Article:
Now consider, what if Bob wanted to run this test case more than one time? What if Bob was testing a product that was going to take weeks, months, or even years to build? If Bob leaves the test case as a manual (human run) test case, then for every build/feature/bug Bob would have to rerun that hour long test case every time to get the result. This is where automation really starts to shine. Jenkins (remember him?) is the computer that can run all of Bob’s automated tests. Jenkins can also check to see if any changes have happened (Continuous Integration) and automatically run the tests. Then if something explodes Jenkins will email Bob. To help clear things up here is a chart (charts are good).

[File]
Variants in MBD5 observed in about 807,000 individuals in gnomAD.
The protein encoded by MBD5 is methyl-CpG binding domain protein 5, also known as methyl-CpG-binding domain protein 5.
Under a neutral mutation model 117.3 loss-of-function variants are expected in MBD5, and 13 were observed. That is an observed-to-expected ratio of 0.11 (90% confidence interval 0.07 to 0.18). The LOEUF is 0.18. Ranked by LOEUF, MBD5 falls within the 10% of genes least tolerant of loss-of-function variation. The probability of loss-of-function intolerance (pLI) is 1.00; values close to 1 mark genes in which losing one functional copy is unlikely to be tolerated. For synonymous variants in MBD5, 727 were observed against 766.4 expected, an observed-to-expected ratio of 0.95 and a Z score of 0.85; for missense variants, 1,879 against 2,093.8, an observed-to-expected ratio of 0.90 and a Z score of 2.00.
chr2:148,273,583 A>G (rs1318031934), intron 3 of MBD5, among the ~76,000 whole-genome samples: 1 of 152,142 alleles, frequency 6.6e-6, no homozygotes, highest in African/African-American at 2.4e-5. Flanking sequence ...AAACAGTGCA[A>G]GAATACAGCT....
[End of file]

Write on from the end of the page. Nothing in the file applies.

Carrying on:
Quality Effort Over Time

As this not completely made up chart indicates, money spent increases over time for the manual test case and the automated test case has a large initial investment. To answer the original question, “Isn’t it more cost effective to just always do manual testing?” clearly after day 8 of testing it becomes increasingly less cost effective to test this test case manually.


Awesome, obviously automation is the best thing ever invented since sliced bread, and Bob should always do automation, right? That answer is not as straightforward as it seems; automation is only one of the tools available to QA. Automation is really good at objective results, such as is text displayed, is a button tappable, or did the app crash? It’s not as useful at more subjective tests like does the app look “good”, is the app hard to use, or is the app slow? Often times both manual and automated testing is the best “secret sauce” to a good test plan. Let Jenkins do what he is good at (repetitive yes/no results) and let Bob do what he is good at (representing the end user).